How to Buy a Great Fifth Wheel RV
(and for a lot less than you expected!)

The fifth wheel is the “king” of the towable RV world.

Step into an upper-end fifth wheel, and you’ll think you’ve walked into a luxury condo. The interiors are beautiful, well-designed, and comfortable.

You’ll also be surprised at the amount of space available. Thanks to the space above the gooseneck hitch, fifth wheels have the most usable space of all RVs, even more than travel trailers. Usually this space is used for the master bedroom, possibly with a master bath as well.

Fifth wheels can be monsters – up to 40 feet long (which need a one-ton or even bigger hauler). With slide-outs extended, one of these coaches provides lots of room even for fulltime RVers.

What’s Special About a Fifth Wheel?

Although they’re classified separately, fifth wheels are really just a specific kind of travel trailer. As such, they have the same advantages: popularity, lots of models to choose from, and lots of room inside.

The only specific difference between a 5th wheel and a travel trailer is the connection to the tow vehicle. This difference has lots of implications, though.

A travel trailer hitches onto the tow vehicle with a standard trailer hitch. A fifth wheel uses a gooseneck connector instead, which has a kingpin that locks into the receiving hitch. This requires the tow vehicle to have the receiver mounted in its cargo bed.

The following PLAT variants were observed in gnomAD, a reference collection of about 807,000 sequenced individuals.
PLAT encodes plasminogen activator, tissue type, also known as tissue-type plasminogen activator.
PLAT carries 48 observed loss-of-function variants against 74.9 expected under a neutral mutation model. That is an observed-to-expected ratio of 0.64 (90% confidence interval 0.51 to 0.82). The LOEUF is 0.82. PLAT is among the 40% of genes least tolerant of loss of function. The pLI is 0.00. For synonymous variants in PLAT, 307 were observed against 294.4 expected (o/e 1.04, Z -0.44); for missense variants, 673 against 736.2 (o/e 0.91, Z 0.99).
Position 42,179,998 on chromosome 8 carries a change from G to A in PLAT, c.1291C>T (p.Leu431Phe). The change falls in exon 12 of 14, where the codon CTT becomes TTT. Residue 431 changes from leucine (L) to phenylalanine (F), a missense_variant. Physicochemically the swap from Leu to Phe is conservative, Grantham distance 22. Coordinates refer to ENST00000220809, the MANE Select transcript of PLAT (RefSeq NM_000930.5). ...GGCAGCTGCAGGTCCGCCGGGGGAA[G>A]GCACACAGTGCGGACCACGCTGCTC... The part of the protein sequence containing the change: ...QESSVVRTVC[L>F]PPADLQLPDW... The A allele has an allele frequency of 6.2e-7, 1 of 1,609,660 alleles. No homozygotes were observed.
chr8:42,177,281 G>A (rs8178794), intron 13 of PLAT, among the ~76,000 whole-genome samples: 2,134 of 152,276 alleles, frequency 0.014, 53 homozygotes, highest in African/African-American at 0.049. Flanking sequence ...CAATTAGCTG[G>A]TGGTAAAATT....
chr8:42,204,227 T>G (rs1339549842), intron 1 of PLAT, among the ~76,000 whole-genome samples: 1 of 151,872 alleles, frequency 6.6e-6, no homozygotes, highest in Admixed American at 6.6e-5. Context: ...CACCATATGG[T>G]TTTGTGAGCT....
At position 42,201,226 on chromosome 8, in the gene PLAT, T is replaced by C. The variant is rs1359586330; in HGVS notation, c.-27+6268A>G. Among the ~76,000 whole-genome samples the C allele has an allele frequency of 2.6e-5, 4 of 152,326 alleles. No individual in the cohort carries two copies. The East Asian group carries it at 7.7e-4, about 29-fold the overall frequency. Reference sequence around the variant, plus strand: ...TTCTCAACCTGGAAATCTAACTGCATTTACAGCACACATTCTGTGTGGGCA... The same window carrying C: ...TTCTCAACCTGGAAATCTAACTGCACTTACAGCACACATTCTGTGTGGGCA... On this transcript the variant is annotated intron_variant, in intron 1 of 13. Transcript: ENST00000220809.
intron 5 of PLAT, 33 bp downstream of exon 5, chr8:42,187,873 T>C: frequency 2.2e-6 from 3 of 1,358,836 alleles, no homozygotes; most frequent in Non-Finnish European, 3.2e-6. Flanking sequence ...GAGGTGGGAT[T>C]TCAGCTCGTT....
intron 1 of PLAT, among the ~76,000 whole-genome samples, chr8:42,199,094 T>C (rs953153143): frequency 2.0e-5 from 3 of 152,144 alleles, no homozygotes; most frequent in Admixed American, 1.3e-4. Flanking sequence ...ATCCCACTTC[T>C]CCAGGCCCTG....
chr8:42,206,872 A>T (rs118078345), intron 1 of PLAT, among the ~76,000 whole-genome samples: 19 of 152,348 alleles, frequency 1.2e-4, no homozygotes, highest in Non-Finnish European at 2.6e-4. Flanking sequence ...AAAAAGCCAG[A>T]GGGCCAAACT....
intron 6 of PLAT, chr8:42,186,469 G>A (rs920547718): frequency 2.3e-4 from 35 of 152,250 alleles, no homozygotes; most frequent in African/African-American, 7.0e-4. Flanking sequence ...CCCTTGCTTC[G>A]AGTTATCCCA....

Fifth WheelsOn the one hand, this means you can’t use the cargo bed while you’re towing the RV. On the other hand, it also distributes the weight of the fifth wheel directly onto the tow vehicle, instead of behind the vehicle’s wheelbase as is the case for travel trailers.

This means that you can tow more weight. (A travel trailer that’s too heavy can actually lift the front end of the truck off the ground. A fifth wheel’s hitch is usually mounted over the rear axle of the truck, so the axle is no longer a fulcrum.)

It also means that fifth wheels are easier to maneuver. They ride smoother, and are easier to back up or angle into parking spaces. Again, this is a result of the hitch being mounted over the rear axle. The hitch is closer to the turning wheels of the tow vehicle, which makes turning easier than the rear-mounted connection on travel trailers.

Plus, with a snug connection into the tow vehicle, they can sway less than a travel trailer. And their larger size means fifth wheels can have more storage and larger holding tanks, making traveling more convenient.

Small wonder then that fifth wheels are the favorite of many RVers, especially fulltimers.

How to Save Tens of Thousands When Buying a Fifth Wheel

Lower-end fifth wheels can be bought fairly inexpensively – $15,000 and up. Prices go up from there, all the way to $150,000 or more.

The problem with fifth wheels is that the upper-end ones are so luxurious. Once you go into one, it’s hard to restrain yourself from wanting it… whether or not you can afford it.

The good news is that the profit margins on fifth wheels are significant. If you know what you’re doing, you can save tens of thousands of dollars on a fifth wheel RV.

The secret is understanding how the RV industry works. Unfortunately, RV salesmen take advantage of RV buyers every single day. It’s all too easy to be overwhelmed with the beauty and luxury of a brand-new fifth wheel, and overpay by thousands or even tens of thousands of dollars.

Fortunately, it’s not too hard to get a great deal on a new fifth wheel. You just have to do a little homework!